The problems we face are bigger than left and right. Left and right are identity groups. Thinking in terms of identity groups prevents us from thinking in terms of our basic humanity. Human nature transcends identity groups. It cuts across all of them.
We – the collective we; society, western culture – try too hard to fit real human nature into the Procrustean bed of our dreams / wishes / desires for it, with predictable results.
Humanity had one brief shining moment when it did NOT do that but instead accepted human nature as it is and organized itself accordingly: The American Founding. That moment was a flashbulb of pure genius in the long arc of tribalism and pedantry that is human history. The American Founding exemplifies the reason-based ( and/or reality-based and/or science-based) morality that the atheist faith believes in and strives for.
I think consciousness itself is a kind of bias. I see it as something different from naive realism or The Rationalist Delusion; I think it precedes them. I also see it as different from the rider and the elephant. The rider and the elephant is a “third story” of the human mind from outside the perspective of either the rider or the elephant. Yes, it’s possible for the rider to step outside itself and look upon itself. That’s how third stories like the rider and the elephant are possible. What I’m proposing is another, different, third story.
The consciousness bias is our view of our selves from inside the mind of the rider. It’s really the only way we can see ourselves. But because it comes from the rider it’s a distorted view that exaggerates the influence of consciousness similar to the way a Mercator Projection map exaggerates the size of Greenland and Antarctica. In this view of our selves the rider, even in accepting its role in relation to the elephant, STILL has an exaggerated opinion of its influence over its self and society as a whole.
Conscious awareness predisposes us toward placing disproportionate, i.e., near total, faith in the thoughts of which we are aware, and toward similarly disproportionate rejection or ignorance of who and what we actually are. Again, I do not see this as merely a restatement of the concept of the rider and the elephant. I think that even within that concept of the mind, the impression, the image, the narrative, that the mind conjures of itself, and of the nature of the rider and of the nature of the elephant is, itself, distorted in favor of a self-congratulatory idealism about human nature that is in fundamental opposition to the reality of what it actually is.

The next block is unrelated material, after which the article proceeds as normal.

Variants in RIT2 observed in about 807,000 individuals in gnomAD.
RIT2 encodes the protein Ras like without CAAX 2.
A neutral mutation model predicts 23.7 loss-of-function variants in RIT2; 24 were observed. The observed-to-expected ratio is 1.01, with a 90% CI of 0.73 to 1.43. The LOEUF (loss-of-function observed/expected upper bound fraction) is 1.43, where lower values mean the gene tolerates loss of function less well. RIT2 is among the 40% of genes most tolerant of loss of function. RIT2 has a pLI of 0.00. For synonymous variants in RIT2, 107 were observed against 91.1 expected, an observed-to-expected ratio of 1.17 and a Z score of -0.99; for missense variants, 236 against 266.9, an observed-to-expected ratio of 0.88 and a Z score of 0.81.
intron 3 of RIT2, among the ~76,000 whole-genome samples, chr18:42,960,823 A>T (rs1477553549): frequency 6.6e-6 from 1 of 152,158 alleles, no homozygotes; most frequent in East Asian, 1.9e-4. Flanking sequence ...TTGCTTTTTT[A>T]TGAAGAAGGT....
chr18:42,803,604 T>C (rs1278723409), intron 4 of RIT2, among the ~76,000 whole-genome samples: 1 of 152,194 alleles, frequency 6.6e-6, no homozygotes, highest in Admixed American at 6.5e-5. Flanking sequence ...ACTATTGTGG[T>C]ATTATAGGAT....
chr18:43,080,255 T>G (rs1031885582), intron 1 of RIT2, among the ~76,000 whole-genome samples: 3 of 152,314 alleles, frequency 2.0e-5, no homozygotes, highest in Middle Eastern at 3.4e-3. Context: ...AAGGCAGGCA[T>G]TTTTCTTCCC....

We are not what we like to think we are. We are not primarily a noble race of rational egalitarian beings driven by reason, logic, facts, and evidence to routinely – as a characteristic trait – rise above our baser instincts. Rather, we are animals driven almost entirely by instinct, intuition, and emotion – by those baser instincts – just like every other animal.
Consciousness is but a tiny piece of the pie of human social thought and behavior, but the awareness it gives us is the very thing that distorts our perception of the rest of the pie. Consciousness projects onto us an image of our selves that is an exceedingly poor representation of our true selves.
“I think therefore I am” is the height of arrogance. 99.99999999999999 percent of the universe does not “think,” yet it exists as surely as do “I”. The notion that consciousness proves existence seems to me to be frighteningly small minded and short sighted.
The Consciousness Bias, as I call it, gives to us a view of our selves similar to the view of the world from 9th Avenue on the famous cover of The New Yorker, with two added captions.